Monthly Archives: January 2013

Bastion: The Simple yet Addicting RPG

The Calamity destroyed the world as everyone knew it. Cities crumbled, mountains fell, and forests burned. Only a few people survived the disaster, and even fewer knew how to reverse its effects. In a glorious quest to rebuild the Bastion, the character known as the Kid faces countless villains in an effort to collect cores and learn the truth about the Calamity.

Why young, smart people suffer from the Imposter Syndrome

According to Dr. Valerie Young, many people, particularly students, who are smart and have many accomplishments to their name, often feel as though they are nowhere near as intelligent or capable as their colleagues or do not deserve their current position. Young identifies this feeling as “imposter syndrome” and says that it is a fairly common problem that can impede the success and negatively affect the lives of those who suffer from it.

Responsible conduct of research in physics

As part of the Colorado School of Mines’ dedication to responsible research, the Ethics Across Campus (EAC) committee, according to their website, primarily seeks to “promote, extend and deepen the understanding of ethical issues in relation to applied science and engineering education and research.” The EAC works closely with many departments across campus to develop responsible research practices, also known as Responsible Conduct of Research (RCR). As part of RCR, graduate students in the physics program are required to attend ethics seminars. One such seminar took place during a weekly physics colloquium. Professor Reuben Collins emphasized how ethics and physics go together, reminiscing how he decided not to work for the defense industry because of their research practices. Although most physicists prefer to conduct research alone in their lab, most research involves working with a variety of people and it is important to understand ethics as part of research practices.

Comic Corner: Deadpool Team-Up #899

Deadpool, Marvel’s lovable mercenary with a mouth, the craziest assassin this side of Arkham, has had his fair share of crossovers, largely because it is a lot of fun to force an interaction between him and anybody else just to see what happens. This was, essentially, the entire premise behind the “Deadpool Team-Up” series, which ran from 2009 to 2011 and was basically just an excuse for the writers to pair Deadpool with pretty much every entity in the Marvel universe. In issue #899, he teams up with one of the legends of old, the Lion of Olympus himself, Hercules. Yeah, Deadpool and a Greek god. This is gonna be good.

The Knight, the Seer and the Child: Miranda

Miranda’s dark blue skirts fluttered with the soft breeze that blew across the pier. Her head lifted back so she could take in the massive ship. Dark wood with carvings made to look like waves encompassed the hull. Large, white sails were being untied by a dozen or so of the crew while others ran about the deck under the sharp orders of the ship’s captain. A beautiful carving of a mermaid stood at the bow, looking as if she was about to dive away from the ship. The mermaid’s hair flowed seamlessly backwards to meld with the deck.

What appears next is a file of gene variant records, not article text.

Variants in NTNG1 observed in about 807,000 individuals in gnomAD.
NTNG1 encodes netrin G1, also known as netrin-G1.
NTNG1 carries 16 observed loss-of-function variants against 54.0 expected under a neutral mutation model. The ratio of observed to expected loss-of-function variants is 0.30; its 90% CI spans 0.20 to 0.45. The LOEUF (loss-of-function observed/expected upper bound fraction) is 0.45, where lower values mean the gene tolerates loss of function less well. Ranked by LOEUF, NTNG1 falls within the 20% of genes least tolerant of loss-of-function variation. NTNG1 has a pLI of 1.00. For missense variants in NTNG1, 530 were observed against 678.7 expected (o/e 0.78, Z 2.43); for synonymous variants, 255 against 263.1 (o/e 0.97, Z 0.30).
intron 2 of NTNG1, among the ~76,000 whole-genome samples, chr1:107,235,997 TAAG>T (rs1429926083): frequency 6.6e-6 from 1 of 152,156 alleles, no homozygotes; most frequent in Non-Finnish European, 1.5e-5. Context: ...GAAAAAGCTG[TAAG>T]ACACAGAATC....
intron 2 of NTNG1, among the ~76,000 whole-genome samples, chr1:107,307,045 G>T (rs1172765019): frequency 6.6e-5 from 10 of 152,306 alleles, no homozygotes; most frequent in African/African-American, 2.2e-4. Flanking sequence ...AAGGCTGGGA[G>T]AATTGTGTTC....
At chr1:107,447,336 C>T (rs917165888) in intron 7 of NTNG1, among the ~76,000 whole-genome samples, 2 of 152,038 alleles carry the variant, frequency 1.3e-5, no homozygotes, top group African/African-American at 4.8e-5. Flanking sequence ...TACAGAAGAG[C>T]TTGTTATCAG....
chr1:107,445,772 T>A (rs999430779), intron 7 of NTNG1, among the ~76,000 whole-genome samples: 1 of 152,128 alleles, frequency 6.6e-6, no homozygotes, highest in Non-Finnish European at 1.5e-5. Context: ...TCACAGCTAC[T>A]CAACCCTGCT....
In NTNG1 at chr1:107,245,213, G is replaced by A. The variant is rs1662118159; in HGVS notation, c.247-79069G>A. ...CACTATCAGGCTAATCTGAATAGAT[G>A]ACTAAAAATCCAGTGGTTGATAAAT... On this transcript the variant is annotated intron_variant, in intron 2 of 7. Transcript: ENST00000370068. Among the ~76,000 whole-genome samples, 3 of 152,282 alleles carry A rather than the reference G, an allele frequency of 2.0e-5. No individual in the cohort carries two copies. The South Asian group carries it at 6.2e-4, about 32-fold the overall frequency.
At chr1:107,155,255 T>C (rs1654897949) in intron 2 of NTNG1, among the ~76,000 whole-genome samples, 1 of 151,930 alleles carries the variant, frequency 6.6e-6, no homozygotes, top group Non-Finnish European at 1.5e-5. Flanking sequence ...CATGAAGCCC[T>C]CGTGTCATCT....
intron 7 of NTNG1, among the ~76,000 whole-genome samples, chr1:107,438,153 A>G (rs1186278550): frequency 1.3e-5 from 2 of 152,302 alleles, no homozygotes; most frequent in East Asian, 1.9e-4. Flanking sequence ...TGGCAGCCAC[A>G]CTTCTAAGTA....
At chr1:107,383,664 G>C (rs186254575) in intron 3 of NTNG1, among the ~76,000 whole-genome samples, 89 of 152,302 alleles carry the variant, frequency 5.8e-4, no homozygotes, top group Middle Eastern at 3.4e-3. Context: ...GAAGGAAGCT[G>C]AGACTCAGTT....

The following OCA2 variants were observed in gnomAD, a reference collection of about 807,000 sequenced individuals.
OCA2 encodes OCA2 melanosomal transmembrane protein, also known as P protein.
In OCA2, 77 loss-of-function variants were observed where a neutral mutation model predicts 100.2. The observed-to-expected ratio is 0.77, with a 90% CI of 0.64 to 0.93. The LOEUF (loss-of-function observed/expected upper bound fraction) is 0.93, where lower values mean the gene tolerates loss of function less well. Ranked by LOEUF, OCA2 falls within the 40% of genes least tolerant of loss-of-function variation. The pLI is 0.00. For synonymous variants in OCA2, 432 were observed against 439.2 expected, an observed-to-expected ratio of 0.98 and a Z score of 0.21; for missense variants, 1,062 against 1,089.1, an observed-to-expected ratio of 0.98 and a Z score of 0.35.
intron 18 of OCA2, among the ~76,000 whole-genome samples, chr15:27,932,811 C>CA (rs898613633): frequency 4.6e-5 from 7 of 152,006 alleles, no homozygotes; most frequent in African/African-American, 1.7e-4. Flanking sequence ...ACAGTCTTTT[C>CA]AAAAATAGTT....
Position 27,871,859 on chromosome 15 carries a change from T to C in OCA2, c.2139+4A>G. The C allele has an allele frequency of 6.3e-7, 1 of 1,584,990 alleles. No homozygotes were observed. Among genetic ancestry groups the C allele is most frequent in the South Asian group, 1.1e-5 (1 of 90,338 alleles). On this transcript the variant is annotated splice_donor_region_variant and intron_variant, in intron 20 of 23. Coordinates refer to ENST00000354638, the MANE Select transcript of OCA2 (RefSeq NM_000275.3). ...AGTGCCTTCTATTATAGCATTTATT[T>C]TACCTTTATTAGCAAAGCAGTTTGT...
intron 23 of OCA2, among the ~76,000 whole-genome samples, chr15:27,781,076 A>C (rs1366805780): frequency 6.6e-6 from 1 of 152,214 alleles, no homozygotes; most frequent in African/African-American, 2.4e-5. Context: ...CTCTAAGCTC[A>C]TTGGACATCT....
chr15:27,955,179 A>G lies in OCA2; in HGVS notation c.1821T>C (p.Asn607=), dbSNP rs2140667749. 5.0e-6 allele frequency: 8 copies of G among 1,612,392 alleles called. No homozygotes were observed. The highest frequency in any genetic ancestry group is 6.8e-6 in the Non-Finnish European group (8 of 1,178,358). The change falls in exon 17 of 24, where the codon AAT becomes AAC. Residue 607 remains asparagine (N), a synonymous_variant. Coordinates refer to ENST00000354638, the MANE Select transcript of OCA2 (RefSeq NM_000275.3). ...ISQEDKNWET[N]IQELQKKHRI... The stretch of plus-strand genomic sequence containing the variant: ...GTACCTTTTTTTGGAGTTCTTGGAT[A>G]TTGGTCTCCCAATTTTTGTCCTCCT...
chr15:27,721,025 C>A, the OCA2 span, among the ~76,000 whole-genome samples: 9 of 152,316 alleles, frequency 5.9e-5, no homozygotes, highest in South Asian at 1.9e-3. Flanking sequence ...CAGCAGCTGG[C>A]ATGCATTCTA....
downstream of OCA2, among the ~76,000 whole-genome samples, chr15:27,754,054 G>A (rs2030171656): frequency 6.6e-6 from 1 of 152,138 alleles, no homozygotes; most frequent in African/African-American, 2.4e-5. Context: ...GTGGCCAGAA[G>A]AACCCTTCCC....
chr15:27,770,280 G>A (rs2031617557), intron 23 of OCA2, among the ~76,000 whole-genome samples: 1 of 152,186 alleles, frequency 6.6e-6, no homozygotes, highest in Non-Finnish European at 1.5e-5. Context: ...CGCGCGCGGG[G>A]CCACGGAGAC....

Club Spotlight: Car Club

The Society of Automotive Engineers entered its twentieth year of existence at Mines this year. Founded in 1993, the club’s original purpose was to build a race car to compete against schools across the world. In recent years, the club focused on putting together a car show every year during the E-days event. This year, the club is bringing back the race car along with hosting the car show. According to Jake Krapes, the current club president, the Society of Automotive Engineers currently has “about 70 people signed up on Orgsync, 40 active members, and 15 or so members are part of the Formula Society of Automotive Engineers.” The Formula team is the group of students involved in designing, building, assembling, and racing the car. One might wonder, “Can people still join?” “Of course! They can sign up on Orgsync under SAE, they will then get an email from me, and can come to a meeting which currently takes place on Tuesdays and Thursdays at 6:00 pm in the auto shop in Brown,” says Krapes.

How are wealth and income distibuted? Exploring U.S. socioeconomic inequality

The Delta Days luncheon lecture facilitated by Dr. Jon Leydens discussed the question, “Why is the subject of socioeconomic inequality taboo?” and explained that the subject has to do with identity in how we perceive social class.
When it comes to wealth and income, in the United States, the top 4% hold more of the wealth distribution than the bottom 90%, but hold less of the income distribution. This shows that the wealthy are not necessarily wealthy because of a high-paying occupation, but rather that many the top 4% inherited their wealth.

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